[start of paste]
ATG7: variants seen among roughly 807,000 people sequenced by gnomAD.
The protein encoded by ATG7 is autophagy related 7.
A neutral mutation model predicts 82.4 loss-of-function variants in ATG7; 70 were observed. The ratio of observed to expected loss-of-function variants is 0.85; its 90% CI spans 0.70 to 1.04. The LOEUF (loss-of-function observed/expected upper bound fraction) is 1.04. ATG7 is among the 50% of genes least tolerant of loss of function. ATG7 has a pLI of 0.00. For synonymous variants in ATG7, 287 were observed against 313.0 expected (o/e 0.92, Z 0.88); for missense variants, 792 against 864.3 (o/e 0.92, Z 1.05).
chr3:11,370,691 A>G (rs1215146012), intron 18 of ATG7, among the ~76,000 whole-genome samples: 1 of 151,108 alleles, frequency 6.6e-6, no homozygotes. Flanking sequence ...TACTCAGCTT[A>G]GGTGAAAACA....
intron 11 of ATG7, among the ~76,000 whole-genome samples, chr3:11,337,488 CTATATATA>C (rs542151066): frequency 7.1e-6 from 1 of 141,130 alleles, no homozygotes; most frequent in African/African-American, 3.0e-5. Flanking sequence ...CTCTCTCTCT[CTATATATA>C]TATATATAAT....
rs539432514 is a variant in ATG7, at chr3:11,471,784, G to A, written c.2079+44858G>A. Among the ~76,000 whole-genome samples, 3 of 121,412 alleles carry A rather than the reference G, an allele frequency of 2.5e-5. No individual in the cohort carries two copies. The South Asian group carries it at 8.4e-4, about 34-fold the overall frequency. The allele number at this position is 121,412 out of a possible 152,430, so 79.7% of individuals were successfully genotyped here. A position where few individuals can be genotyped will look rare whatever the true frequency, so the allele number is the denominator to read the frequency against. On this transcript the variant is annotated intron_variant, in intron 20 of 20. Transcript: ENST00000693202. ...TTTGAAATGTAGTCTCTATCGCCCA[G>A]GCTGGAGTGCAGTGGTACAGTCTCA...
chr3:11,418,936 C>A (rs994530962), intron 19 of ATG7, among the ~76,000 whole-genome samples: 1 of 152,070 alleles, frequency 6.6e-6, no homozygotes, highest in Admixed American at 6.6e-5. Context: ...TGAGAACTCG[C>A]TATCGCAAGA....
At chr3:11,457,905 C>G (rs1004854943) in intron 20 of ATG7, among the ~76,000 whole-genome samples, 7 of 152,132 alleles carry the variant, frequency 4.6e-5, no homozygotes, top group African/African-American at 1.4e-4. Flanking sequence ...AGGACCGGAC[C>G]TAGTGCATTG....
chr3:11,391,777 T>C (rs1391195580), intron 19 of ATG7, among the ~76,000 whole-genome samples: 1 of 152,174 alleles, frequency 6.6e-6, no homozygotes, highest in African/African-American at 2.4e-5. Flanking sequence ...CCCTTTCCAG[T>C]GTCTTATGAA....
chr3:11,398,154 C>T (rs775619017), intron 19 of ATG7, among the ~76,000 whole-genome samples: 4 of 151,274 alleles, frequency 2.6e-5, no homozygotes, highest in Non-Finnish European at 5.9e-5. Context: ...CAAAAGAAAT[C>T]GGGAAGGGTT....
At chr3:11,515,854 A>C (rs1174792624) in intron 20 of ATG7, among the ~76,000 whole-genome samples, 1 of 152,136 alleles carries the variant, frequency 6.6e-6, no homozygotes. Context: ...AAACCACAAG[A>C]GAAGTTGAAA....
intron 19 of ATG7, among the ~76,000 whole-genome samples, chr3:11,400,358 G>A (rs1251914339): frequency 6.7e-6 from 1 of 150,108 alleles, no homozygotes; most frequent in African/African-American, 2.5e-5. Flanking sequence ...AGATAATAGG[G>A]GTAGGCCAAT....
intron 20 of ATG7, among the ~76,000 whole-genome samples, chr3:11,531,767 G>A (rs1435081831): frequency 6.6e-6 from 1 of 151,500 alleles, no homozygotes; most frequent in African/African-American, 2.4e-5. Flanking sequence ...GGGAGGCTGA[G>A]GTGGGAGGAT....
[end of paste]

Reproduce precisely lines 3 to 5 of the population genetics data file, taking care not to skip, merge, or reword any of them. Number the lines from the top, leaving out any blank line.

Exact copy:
A neutral mutation model predicts 82.4 loss-of-function variants in ATG7; 70 were observed. The ratio of observed to expected loss-of-function variants is 0.85; its 90% CI spans 0.70 to 1.04. The LOEUF (loss-of-function observed/expected upper bound fraction) is 1.04. ATG7 is among the 50% of genes least tolerant of loss of function. ATG7 has a pLI of 0.00. For synonymous variants in ATG7, 287 were observed against 313.0 expected (o/e 0.92, Z 0.88); for missense variants, 792 against 864.3 (o/e 0.92, Z 1.05).
chr3:11,370,691 A>G (rs1215146012), intron 18 of ATG7, among the ~76,000 whole-genome samples: 1 of 151,108 alleles, frequency 6.6e-6, no homozygotes. Flanking sequence ...TACTCAGCTT[A>G]GGTGAAAACA....
intron 11 of ATG7, among the ~76,000 whole-genome samples, chr3:11,337,488 CTATATATA>C (rs542151066): frequency 7.1e-6 from 1 of 141,130 alleles, no homozygotes; most frequent in African/African-American, 3.0e-5. Flanking sequence ...CTCTCTCTCT[CTATATATA>C]TATATATAAT....